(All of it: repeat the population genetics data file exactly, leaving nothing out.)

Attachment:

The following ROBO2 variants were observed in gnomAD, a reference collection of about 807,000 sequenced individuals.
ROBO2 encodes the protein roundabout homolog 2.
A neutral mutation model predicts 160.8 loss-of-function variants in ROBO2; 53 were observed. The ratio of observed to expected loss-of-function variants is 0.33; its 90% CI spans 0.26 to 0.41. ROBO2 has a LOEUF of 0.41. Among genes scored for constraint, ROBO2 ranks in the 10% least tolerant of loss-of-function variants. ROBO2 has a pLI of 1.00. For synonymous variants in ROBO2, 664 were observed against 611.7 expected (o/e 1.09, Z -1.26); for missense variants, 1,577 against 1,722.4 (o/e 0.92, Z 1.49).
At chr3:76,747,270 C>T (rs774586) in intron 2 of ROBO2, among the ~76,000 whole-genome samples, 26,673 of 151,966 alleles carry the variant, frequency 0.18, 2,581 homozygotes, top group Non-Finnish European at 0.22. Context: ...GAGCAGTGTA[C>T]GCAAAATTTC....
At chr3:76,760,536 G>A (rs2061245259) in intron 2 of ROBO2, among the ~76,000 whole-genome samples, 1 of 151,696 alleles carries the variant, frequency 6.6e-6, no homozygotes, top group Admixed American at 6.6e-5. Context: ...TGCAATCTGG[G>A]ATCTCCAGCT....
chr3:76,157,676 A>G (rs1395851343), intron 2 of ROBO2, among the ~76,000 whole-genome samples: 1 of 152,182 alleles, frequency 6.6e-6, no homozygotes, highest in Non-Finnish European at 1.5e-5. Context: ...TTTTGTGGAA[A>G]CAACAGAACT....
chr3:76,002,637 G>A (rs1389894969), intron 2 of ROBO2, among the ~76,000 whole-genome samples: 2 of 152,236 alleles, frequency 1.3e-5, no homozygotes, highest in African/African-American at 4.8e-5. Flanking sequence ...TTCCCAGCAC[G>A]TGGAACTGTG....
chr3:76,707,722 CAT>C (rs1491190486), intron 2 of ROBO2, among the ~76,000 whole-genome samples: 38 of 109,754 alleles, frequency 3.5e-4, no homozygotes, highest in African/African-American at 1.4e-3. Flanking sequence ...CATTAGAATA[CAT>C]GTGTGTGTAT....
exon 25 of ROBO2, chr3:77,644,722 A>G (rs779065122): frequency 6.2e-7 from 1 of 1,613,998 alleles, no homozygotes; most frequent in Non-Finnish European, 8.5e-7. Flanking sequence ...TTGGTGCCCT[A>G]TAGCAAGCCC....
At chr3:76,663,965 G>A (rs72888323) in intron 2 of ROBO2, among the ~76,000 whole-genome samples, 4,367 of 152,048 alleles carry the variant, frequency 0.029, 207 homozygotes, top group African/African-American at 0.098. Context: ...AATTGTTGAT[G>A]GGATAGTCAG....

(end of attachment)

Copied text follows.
The following ROBO2 variants were observed in gnomAD, a reference collection of about 807,000 sequenced individuals.
ROBO2 encodes the protein roundabout homolog 2.
A neutral mutation model predicts 160.8 loss-of-function variants in ROBO2; 53 were observed. The ratio of observed to expected loss-of-function variants is 0.33; its 90% CI spans 0.26 to 0.41. ROBO2 has a LOEUF of 0.41. Among genes scored for constraint, ROBO2 ranks in the 10% least tolerant of loss-of-function variants. ROBO2 has a pLI of 1.00. For synonymous variants in ROBO2, 664 were observed against 611.7 expected (o/e 1.09, Z -1.26); for missense variants, 1,577 against 1,722.4 (o/e 0.92, Z 1.49).
At chr3:76,747,270 C>T (rs774586) in intron 2 of ROBO2, among the ~76,000 whole-genome samples, 26,673 of 151,966 alleles carry the variant, frequency 0.18, 2,581 homozygotes, top group Non-Finnish European at 0.22. Context: ...GAGCAGTGTA[C>T]GCAAAATTTC....
At chr3:76,760,536 G>A (rs2061245259) in intron 2 of ROBO2, among the ~76,000 whole-genome samples, 1 of 151,696 alleles carries the variant, frequency 6.6e-6, no homozygotes, top group Admixed American at 6.6e-5. Context: ...TGCAATCTGG[G>A]ATCTCCAGCT....
chr3:76,157,676 A>G (rs1395851343), intron 2 of ROBO2, among the ~76,000 whole-genome samples: 1 of 152,182 alleles, frequency 6.6e-6, no homozygotes, highest in Non-Finnish European at 1.5e-5. Context: ...TTTTGTGGAA[A>G]CAACAGAACT....
chr3:76,002,637 G>A (rs1389894969), intron 2 of ROBO2, among the ~76,000 whole-genome samples: 2 of 152,236 alleles, frequency 1.3e-5, no homozygotes, highest in African/African-American at 4.8e-5. Flanking sequence ...TTCCCAGCAC[G>A]TGGAACTGTG....
chr3:76,707,722 CAT>C (rs1491190486), intron 2 of ROBO2, among the ~76,000 whole-genome samples: 38 of 109,754 alleles, frequency 3.5e-4, no homozygotes, highest in African/African-American at 1.4e-3. Flanking sequence ...CATTAGAATA[CAT>C]GTGTGTGTAT....
exon 25 of ROBO2, chr3:77,644,722 A>G (rs779065122): frequency 6.2e-7 from 1 of 1,613,998 alleles, no homozygotes; most frequent in Non-Finnish European, 8.5e-7. Flanking sequence ...TTGGTGCCCT[A>G]TAGCAAGCCC....
At chr3:76,663,965 G>A (rs72888323) in intron 2 of ROBO2, among the ~76,000 whole-genome samples, 4,367 of 152,048 alleles carry the variant, frequency 0.029, 207 homozygotes, top group African/African-American at 0.098. Context: ...AATTGTTGAT[G>A]GGATAGTCAG....